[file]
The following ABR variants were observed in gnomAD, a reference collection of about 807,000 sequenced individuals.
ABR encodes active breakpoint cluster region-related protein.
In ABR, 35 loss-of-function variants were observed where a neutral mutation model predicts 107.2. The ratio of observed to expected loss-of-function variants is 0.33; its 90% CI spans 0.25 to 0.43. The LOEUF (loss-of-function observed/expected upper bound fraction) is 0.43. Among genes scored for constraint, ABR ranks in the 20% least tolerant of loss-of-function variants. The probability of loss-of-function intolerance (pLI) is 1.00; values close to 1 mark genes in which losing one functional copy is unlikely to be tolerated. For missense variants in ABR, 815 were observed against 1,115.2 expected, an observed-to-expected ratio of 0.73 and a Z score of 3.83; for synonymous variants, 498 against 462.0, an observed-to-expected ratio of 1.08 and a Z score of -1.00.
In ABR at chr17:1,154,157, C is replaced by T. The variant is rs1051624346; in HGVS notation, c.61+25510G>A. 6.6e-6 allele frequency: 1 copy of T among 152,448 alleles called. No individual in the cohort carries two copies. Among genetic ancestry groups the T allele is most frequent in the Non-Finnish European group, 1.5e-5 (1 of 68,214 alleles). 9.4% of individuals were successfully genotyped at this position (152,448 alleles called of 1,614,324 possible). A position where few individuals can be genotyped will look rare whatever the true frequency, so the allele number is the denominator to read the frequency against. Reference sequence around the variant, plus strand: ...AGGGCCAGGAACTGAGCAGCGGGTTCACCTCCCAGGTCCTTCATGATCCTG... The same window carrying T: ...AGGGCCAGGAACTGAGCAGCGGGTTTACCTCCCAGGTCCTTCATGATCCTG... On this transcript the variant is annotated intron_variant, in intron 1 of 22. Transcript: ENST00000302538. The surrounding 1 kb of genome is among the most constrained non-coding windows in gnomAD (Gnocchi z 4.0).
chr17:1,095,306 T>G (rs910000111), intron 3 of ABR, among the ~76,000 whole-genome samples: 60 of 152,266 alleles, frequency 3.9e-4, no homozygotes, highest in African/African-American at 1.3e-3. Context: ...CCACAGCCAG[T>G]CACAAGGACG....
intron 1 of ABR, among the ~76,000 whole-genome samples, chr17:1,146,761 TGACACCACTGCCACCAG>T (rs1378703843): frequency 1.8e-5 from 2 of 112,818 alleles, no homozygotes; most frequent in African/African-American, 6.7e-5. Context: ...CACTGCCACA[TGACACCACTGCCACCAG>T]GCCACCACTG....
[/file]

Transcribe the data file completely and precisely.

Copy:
The following ABR variants were observed in gnomAD, a reference collection of about 807,000 sequenced individuals.
ABR encodes active breakpoint cluster region-related protein.
In ABR, 35 loss-of-function variants were observed where a neutral mutation model predicts 107.2. The ratio of observed to expected loss-of-function variants is 0.33; its 90% CI spans 0.25 to 0.43. The LOEUF (loss-of-function observed/expected upper bound fraction) is 0.43. Among genes scored for constraint, ABR ranks in the 20% least tolerant of loss-of-function variants. The probability of loss-of-function intolerance (pLI) is 1.00; values close to 1 mark genes in which losing one functional copy is unlikely to be tolerated. For missense variants in ABR, 815 were observed against 1,115.2 expected, an observed-to-expected ratio of 0.73 and a Z score of 3.83; for synonymous variants, 498 against 462.0, an observed-to-expected ratio of 1.08 and a Z score of -1.00.
In ABR at chr17:1,154,157, C is replaced by T. The variant is rs1051624346; in HGVS notation, c.61+25510G>A. 6.6e-6 allele frequency: 1 copy of T among 152,448 alleles called. No individual in the cohort carries two copies. Among genetic ancestry groups the T allele is most frequent in the Non-Finnish European group, 1.5e-5 (1 of 68,214 alleles). 9.4% of individuals were successfully genotyped at this position (152,448 alleles called of 1,614,324 possible). A position where few individuals can be genotyped will look rare whatever the true frequency, so the allele number is the denominator to read the frequency against. Reference sequence around the variant, plus strand: ...AGGGCCAGGAACTGAGCAGCGGGTTCACCTCCCAGGTCCTTCATGATCCTG... The same window carrying T: ...AGGGCCAGGAACTGAGCAGCGGGTTTACCTCCCAGGTCCTTCATGATCCTG... On this transcript the variant is annotated intron_variant, in intron 1 of 22. Transcript: ENST00000302538. The surrounding 1 kb of genome is among the most constrained non-coding windows in gnomAD (Gnocchi z 4.0).
chr17:1,095,306 T>G (rs910000111), intron 3 of ABR, among the ~76,000 whole-genome samples: 60 of 152,266 alleles, frequency 3.9e-4, no homozygotes, highest in African/African-American at 1.3e-3. Context: ...CCACAGCCAG[T>G]CACAAGGACG....
intron 1 of ABR, among the ~76,000 whole-genome samples, chr17:1,146,761 TGACACCACTGCCACCAG>T (rs1378703843): frequency 1.8e-5 from 2 of 112,818 alleles, no homozygotes; most frequent in African/African-American, 6.7e-5. Context: ...CACTGCCACA[TGACACCACTGCCACCAG>T]GCCACCACTG....